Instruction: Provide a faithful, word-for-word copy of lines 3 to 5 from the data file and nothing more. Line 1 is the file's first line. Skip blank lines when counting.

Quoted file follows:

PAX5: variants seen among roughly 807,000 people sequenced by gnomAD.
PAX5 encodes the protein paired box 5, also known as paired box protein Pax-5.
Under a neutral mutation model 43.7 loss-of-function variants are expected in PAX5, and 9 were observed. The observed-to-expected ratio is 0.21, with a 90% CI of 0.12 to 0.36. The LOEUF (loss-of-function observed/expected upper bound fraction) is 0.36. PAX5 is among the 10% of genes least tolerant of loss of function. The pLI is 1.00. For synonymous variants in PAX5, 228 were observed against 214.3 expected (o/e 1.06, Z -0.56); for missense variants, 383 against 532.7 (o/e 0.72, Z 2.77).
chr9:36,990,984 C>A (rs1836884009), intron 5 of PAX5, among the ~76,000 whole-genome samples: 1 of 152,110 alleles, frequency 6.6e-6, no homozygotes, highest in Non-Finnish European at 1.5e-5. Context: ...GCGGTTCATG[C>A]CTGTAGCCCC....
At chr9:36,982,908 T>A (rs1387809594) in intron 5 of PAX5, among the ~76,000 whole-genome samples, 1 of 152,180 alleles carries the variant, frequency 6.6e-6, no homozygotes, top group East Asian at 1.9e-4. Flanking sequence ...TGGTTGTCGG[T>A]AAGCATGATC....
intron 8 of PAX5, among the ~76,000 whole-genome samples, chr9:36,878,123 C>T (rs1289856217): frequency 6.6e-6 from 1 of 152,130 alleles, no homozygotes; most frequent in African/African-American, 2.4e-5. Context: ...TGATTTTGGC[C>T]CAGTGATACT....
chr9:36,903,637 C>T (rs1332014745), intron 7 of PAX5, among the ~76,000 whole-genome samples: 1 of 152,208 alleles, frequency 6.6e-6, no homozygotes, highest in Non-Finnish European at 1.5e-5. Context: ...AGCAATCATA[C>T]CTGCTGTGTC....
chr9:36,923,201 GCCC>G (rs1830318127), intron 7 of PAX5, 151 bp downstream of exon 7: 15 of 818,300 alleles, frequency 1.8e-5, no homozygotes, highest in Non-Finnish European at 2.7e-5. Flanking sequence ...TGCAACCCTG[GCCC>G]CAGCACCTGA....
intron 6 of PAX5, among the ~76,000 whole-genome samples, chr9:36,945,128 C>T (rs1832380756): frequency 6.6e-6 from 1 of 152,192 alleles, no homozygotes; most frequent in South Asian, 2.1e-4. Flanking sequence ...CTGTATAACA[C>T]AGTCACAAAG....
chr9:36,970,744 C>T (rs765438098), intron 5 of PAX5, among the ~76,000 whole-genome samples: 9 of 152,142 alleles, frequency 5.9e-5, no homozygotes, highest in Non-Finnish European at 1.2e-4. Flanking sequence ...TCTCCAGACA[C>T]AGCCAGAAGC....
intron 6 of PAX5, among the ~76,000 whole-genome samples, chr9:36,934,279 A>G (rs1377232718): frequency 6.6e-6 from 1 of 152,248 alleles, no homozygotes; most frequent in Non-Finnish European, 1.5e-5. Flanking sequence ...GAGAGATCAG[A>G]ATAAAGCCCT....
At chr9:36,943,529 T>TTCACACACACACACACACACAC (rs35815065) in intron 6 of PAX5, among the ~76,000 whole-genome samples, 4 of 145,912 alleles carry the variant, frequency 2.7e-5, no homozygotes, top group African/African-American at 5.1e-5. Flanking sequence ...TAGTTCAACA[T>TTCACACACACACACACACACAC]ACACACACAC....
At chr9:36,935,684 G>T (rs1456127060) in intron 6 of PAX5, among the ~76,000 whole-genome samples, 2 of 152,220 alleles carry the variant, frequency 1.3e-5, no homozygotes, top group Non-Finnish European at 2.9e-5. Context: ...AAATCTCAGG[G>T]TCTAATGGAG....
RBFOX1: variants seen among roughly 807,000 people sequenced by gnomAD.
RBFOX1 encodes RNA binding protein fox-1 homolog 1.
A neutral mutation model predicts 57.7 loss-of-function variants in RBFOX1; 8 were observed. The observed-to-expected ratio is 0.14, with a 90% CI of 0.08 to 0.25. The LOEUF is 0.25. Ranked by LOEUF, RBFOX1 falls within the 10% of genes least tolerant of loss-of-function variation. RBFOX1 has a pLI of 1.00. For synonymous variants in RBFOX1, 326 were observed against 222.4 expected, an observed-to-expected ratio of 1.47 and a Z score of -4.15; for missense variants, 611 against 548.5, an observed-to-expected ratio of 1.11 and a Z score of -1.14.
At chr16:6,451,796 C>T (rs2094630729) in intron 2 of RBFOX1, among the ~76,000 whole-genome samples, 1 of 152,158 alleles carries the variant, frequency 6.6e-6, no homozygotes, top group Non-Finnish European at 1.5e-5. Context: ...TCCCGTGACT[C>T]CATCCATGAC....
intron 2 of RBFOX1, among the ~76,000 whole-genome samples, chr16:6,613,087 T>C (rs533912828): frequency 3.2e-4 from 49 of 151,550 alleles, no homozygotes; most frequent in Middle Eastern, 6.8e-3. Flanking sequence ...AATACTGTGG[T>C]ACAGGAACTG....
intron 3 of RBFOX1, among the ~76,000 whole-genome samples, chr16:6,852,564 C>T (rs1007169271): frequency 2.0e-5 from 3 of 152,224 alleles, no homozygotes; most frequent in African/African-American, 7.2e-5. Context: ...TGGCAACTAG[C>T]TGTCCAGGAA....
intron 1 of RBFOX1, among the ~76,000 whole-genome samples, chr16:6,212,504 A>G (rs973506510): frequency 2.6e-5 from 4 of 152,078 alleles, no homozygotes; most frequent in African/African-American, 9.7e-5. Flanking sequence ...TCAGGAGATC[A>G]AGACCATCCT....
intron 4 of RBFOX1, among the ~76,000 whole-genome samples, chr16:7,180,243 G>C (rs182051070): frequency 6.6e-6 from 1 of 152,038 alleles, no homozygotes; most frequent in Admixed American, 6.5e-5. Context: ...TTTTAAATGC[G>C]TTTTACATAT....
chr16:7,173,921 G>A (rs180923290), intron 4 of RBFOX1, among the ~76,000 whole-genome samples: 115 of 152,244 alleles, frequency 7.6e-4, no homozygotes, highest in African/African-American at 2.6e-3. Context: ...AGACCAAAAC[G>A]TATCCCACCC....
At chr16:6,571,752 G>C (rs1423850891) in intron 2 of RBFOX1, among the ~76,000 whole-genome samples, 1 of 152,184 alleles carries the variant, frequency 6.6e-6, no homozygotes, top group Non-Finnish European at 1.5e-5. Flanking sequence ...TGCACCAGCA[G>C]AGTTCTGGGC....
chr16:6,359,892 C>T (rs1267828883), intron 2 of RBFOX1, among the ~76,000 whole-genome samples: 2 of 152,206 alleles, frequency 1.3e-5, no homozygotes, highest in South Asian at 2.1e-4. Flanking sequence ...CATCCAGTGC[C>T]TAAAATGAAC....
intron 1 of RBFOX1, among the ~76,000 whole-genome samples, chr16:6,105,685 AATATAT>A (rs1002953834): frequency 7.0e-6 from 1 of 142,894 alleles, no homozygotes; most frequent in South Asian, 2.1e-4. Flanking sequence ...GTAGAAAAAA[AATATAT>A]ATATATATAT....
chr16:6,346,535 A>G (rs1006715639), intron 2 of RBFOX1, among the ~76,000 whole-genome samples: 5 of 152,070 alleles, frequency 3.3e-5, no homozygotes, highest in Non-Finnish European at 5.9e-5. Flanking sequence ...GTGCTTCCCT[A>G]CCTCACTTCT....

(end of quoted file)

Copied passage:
Under a neutral mutation model 43.7 loss-of-function variants are expected in PAX5, and 9 were observed. The observed-to-expected ratio is 0.21, with a 90% CI of 0.12 to 0.36. The LOEUF (loss-of-function observed/expected upper bound fraction) is 0.36. PAX5 is among the 10% of genes least tolerant of loss of function. The pLI is 1.00. For synonymous variants in PAX5, 228 were observed against 214.3 expected (o/e 1.06, Z -0.56); for missense variants, 383 against 532.7 (o/e 0.72, Z 2.77).
chr9:36,990,984 C>A (rs1836884009), intron 5 of PAX5, among the ~76,000 whole-genome samples: 1 of 152,110 alleles, frequency 6.6e-6, no homozygotes, highest in Non-Finnish European at 1.5e-5. Context: ...GCGGTTCATG[C>A]CTGTAGCCCC....
At chr9:36,982,908 T>A (rs1387809594) in intron 5 of PAX5, among the ~76,000 whole-genome samples, 1 of 152,180 alleles carries the variant, frequency 6.6e-6, no homozygotes, top group East Asian at 1.9e-4. Flanking sequence ...TGGTTGTCGG[T>A]AAGCATGATC....